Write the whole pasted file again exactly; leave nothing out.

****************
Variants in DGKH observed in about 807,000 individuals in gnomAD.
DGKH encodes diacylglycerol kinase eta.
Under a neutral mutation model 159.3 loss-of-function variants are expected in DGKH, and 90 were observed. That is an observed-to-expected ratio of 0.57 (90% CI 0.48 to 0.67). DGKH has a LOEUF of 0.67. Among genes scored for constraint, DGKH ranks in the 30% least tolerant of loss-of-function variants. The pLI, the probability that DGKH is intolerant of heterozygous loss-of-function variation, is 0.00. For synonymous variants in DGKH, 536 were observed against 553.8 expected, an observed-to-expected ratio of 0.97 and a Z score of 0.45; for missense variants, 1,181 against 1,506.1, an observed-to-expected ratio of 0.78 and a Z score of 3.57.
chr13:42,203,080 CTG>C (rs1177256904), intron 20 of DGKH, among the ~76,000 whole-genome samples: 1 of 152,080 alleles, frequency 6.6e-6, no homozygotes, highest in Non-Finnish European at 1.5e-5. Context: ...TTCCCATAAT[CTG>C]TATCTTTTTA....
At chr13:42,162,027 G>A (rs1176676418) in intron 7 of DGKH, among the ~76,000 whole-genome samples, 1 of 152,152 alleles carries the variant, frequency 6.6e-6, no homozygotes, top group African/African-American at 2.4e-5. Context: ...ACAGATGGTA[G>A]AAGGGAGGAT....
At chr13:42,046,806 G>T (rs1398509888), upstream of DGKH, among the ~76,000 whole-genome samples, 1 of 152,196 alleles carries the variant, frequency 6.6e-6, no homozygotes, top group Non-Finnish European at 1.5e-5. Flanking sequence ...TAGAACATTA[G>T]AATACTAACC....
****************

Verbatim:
Variants in DGKH observed in about 807,000 individuals in gnomAD.
DGKH encodes diacylglycerol kinase eta.
Under a neutral mutation model 159.3 loss-of-function variants are expected in DGKH, and 90 were observed. That is an observed-to-expected ratio of 0.57 (90% CI 0.48 to 0.67). DGKH has a LOEUF of 0.67. Among genes scored for constraint, DGKH ranks in the 30% least tolerant of loss-of-function variants. The pLI, the probability that DGKH is intolerant of heterozygous loss-of-function variation, is 0.00. For synonymous variants in DGKH, 536 were observed against 553.8 expected, an observed-to-expected ratio of 0.97 and a Z score of 0.45; for missense variants, 1,181 against 1,506.1, an observed-to-expected ratio of 0.78 and a Z score of 3.57.
chr13:42,203,080 CTG>C (rs1177256904), intron 20 of DGKH, among the ~76,000 whole-genome samples: 1 of 152,080 alleles, frequency 6.6e-6, no homozygotes, highest in Non-Finnish European at 1.5e-5. Context: ...TTCCCATAAT[CTG>C]TATCTTTTTA....
At chr13:42,162,027 G>A (rs1176676418) in intron 7 of DGKH, among the ~76,000 whole-genome samples, 1 of 152,152 alleles carries the variant, frequency 6.6e-6, no homozygotes, top group African/African-American at 2.4e-5. Context: ...ACAGATGGTA[G>A]AAGGGAGGAT....
At chr13:42,046,806 G>T (rs1398509888), upstream of DGKH, among the ~76,000 whole-genome samples, 1 of 152,196 alleles carries the variant, frequency 6.6e-6, no homozygotes, top group Non-Finnish European at 1.5e-5. Flanking sequence ...TAGAACATTA[G>T]AATACTAACC....